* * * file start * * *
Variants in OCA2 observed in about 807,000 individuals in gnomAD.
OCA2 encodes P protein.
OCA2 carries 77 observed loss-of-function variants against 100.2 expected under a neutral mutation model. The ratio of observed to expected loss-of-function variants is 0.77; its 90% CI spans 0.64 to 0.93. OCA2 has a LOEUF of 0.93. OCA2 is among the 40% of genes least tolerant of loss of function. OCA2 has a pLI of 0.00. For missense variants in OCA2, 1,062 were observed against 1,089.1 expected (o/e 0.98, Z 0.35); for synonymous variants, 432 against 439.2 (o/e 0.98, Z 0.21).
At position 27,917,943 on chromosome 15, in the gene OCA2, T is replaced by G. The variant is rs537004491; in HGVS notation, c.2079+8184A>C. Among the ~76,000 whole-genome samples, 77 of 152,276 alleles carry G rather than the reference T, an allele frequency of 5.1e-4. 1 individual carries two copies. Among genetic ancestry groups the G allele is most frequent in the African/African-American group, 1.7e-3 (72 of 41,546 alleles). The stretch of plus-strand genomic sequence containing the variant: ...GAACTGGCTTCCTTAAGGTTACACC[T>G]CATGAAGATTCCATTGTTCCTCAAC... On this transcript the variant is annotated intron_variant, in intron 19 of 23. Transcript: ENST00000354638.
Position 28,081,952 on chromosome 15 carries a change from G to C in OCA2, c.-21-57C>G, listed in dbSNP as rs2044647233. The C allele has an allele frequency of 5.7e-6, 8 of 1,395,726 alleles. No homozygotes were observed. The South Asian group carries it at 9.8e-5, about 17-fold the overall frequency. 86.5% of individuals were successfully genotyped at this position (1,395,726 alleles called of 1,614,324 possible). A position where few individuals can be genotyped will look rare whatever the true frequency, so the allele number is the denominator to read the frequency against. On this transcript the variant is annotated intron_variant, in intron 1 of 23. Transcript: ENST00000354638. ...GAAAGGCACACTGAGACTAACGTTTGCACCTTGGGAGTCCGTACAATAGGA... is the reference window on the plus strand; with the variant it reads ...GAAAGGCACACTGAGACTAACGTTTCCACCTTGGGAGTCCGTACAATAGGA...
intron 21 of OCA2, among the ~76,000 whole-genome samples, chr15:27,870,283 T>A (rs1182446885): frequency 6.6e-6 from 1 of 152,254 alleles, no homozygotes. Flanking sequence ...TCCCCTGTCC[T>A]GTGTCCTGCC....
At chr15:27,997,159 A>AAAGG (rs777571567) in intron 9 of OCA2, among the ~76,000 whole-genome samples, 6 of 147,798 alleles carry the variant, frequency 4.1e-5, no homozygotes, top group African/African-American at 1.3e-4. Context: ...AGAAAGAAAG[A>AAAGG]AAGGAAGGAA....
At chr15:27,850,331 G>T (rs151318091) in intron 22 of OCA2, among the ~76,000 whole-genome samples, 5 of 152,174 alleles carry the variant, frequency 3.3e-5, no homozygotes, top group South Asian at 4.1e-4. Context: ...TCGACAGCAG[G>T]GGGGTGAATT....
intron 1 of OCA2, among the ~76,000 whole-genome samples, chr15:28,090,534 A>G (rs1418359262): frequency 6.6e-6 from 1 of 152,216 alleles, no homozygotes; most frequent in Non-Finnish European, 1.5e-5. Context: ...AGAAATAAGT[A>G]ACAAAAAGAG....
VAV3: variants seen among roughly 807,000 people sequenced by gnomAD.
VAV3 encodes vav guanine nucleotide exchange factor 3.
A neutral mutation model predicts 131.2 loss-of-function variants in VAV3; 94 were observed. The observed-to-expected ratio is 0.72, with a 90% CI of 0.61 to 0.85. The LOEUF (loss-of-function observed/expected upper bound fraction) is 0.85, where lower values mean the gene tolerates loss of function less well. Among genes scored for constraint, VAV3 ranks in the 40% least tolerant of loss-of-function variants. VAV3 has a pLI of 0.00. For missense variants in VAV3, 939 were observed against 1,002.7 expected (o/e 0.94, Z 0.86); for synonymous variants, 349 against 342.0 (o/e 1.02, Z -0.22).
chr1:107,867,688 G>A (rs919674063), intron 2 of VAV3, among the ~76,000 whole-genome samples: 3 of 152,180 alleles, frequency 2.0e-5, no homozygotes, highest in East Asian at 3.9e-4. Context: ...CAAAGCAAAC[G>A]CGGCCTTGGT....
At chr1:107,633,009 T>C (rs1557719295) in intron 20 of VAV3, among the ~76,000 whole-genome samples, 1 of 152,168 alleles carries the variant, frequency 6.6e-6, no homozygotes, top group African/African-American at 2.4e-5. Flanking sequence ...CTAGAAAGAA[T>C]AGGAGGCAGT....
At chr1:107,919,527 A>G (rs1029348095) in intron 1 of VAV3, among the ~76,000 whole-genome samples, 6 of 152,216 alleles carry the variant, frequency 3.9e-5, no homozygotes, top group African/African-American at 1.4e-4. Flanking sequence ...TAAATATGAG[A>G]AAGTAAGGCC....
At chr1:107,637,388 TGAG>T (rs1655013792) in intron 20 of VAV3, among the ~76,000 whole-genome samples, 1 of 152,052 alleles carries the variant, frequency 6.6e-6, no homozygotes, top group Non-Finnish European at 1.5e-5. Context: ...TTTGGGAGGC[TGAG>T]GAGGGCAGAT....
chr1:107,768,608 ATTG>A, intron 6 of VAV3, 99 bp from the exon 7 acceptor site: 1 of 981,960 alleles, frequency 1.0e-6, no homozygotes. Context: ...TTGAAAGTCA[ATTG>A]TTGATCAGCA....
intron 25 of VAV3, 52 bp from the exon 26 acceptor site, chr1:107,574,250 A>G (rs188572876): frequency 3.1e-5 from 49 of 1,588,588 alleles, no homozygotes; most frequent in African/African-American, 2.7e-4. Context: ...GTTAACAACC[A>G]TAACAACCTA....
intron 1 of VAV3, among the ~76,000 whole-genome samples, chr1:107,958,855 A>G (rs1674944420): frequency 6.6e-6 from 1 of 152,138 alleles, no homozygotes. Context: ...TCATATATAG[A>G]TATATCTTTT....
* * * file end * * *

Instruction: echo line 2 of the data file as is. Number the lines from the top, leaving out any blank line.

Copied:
OCA2 encodes P protein.